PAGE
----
5. An apparatus in accordance with claim 1 which includes a cam means cooperating with each of said sensing heads to shift the same vertically and into and out of engagernent with said containers as they move along said path, said cam means having a surface for lifting said heads and their respective evacuated containers above said conveyor, removal means at said second station positioned in obstructing relation to the path of said containers on said conveyor, whereby said evacuated containers are lifted above said removal means as their respective heads follow said rise on said cam and said unevacuated containers are removed from said conveyor by said removal means.

6. An apparatus in accordance with claim which includes a rotary vacuum valve controlling the communication between each of said valves and said vacuum pump so as to interrupt the communication between the valve and the pump and to vent the interior of said containers to atmosphere as the containers move along said path beyond said second station.

7. An apparatus in accordance with claim 6 which includes means for lifting said sensing heads above their respective containers subsequent to said second station and means for discharging such containers from the apparatus.

8. An apparatus for automatically testing a plurality of containers conveyed along a fixed path for the presence of lip and structural defects comprising a vacuum pump, a plurality of sensing heads having individual connections with said vacuum pump, means for moving each of said heads into cooperative engagement with the mouth of one of said containers, each of said heads having a sealing member adapted to accommodate limited lip irregularities of its corresponding container so that when such limit is exceeded the seal between said sensing heads and its corresponding container will be ineffective, and means for physically separating the evacuated and nonevacuated containers into two groups, said sensing head including a deflectable connector connecting said sealing member with the body of said sensing head, said connector permitting limited movement of said sealing member with respect to the body of said sensing head so as to permit adaptation to the mouth of a slightly tilted container yet preventing the creation of a vacuum within those containers wherein the tilt of the container mouth exceeds a predetermined amount.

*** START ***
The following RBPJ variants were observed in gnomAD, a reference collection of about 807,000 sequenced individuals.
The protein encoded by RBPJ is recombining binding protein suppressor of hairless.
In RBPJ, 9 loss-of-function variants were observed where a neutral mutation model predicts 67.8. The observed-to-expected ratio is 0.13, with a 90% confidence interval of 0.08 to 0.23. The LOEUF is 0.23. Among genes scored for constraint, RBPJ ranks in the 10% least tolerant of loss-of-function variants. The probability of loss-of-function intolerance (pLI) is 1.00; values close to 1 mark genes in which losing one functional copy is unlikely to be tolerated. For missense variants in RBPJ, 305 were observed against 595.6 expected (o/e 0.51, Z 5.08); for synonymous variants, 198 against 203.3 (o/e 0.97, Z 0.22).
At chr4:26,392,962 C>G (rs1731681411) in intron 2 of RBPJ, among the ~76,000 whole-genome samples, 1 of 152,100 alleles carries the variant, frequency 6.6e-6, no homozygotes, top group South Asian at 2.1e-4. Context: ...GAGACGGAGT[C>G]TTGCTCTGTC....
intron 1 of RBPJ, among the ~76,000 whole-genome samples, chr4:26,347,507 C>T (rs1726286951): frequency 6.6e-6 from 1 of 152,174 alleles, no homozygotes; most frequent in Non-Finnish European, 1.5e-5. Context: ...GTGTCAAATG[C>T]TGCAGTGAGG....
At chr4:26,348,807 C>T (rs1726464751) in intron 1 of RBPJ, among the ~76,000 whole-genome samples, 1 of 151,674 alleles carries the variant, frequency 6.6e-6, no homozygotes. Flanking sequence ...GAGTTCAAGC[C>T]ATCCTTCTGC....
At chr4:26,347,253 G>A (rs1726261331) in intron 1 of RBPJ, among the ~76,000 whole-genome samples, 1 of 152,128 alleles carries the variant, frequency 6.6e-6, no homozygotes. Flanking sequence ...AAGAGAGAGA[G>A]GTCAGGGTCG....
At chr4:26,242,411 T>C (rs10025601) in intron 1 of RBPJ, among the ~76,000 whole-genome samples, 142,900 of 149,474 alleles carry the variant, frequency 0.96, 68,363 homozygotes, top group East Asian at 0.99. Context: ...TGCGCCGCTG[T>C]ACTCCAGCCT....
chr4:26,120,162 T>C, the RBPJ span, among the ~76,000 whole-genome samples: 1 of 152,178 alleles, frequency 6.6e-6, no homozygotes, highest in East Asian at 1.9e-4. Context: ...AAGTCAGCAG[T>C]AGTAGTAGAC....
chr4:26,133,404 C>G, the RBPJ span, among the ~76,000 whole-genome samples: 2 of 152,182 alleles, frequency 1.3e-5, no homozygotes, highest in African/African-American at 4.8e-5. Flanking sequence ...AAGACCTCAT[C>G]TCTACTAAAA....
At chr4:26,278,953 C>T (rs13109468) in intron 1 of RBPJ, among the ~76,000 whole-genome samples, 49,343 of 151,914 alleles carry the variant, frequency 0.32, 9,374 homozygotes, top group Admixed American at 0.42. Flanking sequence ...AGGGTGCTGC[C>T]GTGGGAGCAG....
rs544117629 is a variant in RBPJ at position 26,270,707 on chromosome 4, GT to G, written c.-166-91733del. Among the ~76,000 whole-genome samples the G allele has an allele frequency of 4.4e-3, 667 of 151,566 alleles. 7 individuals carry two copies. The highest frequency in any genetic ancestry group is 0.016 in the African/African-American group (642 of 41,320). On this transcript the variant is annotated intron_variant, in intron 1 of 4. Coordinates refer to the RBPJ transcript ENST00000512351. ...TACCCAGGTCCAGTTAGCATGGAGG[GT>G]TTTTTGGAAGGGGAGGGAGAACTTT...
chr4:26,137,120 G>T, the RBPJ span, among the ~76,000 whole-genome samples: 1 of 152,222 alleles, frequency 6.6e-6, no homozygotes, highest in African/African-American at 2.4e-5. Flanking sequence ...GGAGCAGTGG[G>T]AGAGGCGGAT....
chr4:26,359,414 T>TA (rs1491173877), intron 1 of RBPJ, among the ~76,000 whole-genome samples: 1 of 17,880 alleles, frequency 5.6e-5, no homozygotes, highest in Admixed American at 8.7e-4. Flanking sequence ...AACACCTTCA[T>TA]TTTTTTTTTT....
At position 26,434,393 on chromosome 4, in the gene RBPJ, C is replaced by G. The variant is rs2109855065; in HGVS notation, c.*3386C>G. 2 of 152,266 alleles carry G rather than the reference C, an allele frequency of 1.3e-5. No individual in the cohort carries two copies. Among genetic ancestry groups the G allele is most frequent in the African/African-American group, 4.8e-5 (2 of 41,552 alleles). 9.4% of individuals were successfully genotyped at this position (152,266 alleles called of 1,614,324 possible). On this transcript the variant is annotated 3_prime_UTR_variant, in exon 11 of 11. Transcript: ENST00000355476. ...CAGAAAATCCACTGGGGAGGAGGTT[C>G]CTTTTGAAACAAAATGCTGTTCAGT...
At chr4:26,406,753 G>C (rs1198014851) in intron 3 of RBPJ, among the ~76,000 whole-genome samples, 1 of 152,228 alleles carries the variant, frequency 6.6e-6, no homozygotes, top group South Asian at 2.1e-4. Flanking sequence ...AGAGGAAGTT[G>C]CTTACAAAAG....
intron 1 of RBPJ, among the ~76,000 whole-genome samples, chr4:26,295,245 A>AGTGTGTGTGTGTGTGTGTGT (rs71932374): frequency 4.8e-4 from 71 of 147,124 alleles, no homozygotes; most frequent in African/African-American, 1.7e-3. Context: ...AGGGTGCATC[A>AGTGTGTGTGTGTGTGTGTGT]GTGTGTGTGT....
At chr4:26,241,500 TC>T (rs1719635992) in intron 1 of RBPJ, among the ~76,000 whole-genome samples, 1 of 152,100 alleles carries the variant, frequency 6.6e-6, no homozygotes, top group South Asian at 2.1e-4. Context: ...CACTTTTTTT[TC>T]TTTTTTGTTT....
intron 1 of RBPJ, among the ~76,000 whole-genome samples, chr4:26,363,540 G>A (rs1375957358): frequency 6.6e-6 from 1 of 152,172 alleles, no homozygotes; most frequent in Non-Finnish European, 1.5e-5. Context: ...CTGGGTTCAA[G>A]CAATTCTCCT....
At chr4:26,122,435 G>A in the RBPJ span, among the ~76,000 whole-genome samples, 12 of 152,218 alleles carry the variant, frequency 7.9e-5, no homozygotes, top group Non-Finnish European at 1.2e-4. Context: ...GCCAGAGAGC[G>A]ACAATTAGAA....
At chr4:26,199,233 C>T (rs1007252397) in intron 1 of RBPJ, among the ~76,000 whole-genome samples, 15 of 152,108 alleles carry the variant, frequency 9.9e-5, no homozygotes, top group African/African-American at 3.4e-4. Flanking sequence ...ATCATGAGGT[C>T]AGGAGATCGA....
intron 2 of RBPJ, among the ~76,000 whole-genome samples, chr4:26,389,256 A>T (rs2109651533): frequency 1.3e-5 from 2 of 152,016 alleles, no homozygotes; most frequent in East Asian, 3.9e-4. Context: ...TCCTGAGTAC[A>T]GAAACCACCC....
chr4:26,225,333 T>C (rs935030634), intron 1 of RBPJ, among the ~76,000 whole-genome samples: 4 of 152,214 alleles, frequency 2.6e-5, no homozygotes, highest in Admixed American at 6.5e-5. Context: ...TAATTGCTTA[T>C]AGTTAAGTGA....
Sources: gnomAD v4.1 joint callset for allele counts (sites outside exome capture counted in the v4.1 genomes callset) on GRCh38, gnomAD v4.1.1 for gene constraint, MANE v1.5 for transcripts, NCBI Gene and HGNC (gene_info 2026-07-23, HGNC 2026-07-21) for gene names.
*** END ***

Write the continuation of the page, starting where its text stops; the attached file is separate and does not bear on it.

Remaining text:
9. An apparatus in accordance with claim 8 which includes a cam means cooperating with each of said sensing heads to shift the same vertically and into and out of engagement with the mouth of each of said containers as they move along said path, said cam means having a surface for lifting said heads and their respective evacuated containers above said conveyor, removal means at said second station positioned in obstructing relation to the path of said containers whereby said evacuated containers are lifted over said removal means as their respective heads follow said cam rise and said unevacuated containers are removed from said conveyor by said removal means.

10. An apparatus in accordance with claim 1 wherein each of said heads is provided with a sealing member adapted to accommodate limited lip irregularities of its corresponding container so that when such limit is exceeded the seal between said sensing head and its corresponding container will be ineffective, and means for physically separating the evacuated and non-evacuated containers into two groups.

11. An apparatus in accordance with claim 10 wherein said sensing head includes a deflectable connector connecting said sealing member with the body of said sensing head, said connector permitting limited movement of said sealing member with respect to the body of said sensing head so as to permit adaptation to the mouth of a slightly tilted container yet preventing the creation of a vacuum within those containers wherein the tilt of the container mouth exceeds-a predetermined amount.

12. An apparatus in accordance with claim 10 which includes a cam means cooperating with each of said sensing heads to shift the same vertically and into and out of engagement with the mouth of each of said containers as they move along said path, said cam means having a surface for lifting said heads and their respective evacuated containers above said conveyor, removal means at said second station positioned in obstructing relation to the path of said containers whereby said evacuated containers are lifted over said removal means as their respective heads follow said cam rise and said unevacuated containers are removed from said conveyor by said removal means.

References Cited UNITED STATES PATENTS ALLEN N. KNOWLES, Primary Examiner.

Patent Citations
Cited PatentFiling datePublication dateApplicantTitle
US2106407 *Nov 5, 1934Jan 25, 1938Guy P HensleyCan testing device
US2432871 *Apr 18, 1944Dec 16, 1947Owens Illinois Glass CoApparatus for testing and selecting hollow ware
US3206026 *Jul 26, 1961Sep 14, 1965Anchor Hocking Glass CorpAutomatic container rim dip inspection machine
Referenced by
Citing PatentFiling datePublication dateApplicantTitle
US3637074 *Mar 31, 1970Jan 25, 1972Owens Illinois IncContainer handling apparatus
US4146467 *Nov 4, 1977Mar 27, 1979Jos. Schlitz Brewing CompanyApparatus for detecting and rejecting downed and damaged containers
US4889243 *Jun 13, 1988Dec 26, 1989Adolph Coors CompanyApparatus for detecting and ejecting bent crowns
US4955227 *May 25, 1988Sep 11, 1990Toyo Garasu Kabushiki KaishaApparatus for inspecting glass bottles
US7849996 *Aug 22, 2006Dec 14, 2010Sidel ParticipationsDevice for loading or unloading containers comprising a neck on a transporting element
Classifications
U.S. Classification209/531, 209/591, 209/560, 209/643, 209/555
International ClassificationB07C5/34
Cooperative ClassificationB07C5/3408
European ClassificationB07C5/34A1